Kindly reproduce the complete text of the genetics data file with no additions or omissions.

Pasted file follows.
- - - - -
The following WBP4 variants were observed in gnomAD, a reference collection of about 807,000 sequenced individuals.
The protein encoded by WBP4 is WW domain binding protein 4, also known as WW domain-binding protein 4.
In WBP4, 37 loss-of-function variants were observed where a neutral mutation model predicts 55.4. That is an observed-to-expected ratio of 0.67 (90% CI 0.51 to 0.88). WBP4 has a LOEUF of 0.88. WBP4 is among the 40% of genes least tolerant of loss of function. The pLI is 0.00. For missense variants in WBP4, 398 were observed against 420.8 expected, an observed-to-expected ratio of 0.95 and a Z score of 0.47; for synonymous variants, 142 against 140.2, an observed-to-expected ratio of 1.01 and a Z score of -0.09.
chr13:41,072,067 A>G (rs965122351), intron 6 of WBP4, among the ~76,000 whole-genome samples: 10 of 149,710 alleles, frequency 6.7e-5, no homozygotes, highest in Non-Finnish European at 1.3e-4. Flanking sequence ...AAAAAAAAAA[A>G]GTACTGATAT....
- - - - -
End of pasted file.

The following WBP4 variants were observed in gnomAD, a reference collection of about 807,000 sequenced individuals.
The protein encoded by WBP4 is WW domain binding protein 4, also known as WW domain-binding protein 4.
In WBP4, 37 loss-of-function variants were observed where a neutral mutation model predicts 55.4. That is an observed-to-expected ratio of 0.67 (90% CI 0.51 to 0.88). WBP4 has a LOEUF of 0.88. WBP4 is among the 40% of genes least tolerant of loss of function. The pLI is 0.00. For missense variants in WBP4, 398 were observed against 420.8 expected, an observed-to-expected ratio of 0.95 and a Z score of 0.47; for synonymous variants, 142 against 140.2, an observed-to-expected ratio of 1.01 and a Z score of -0.09.
chr13:41,072,067 A>G (rs965122351), intron 6 of WBP4, among the ~76,000 whole-genome samples: 10 of 149,710 alleles, frequency 6.7e-5, no homozygotes, highest in Non-Finnish European at 1.3e-4. Flanking sequence ...AAAAAAAAAA[A>G]GTACTGATAT....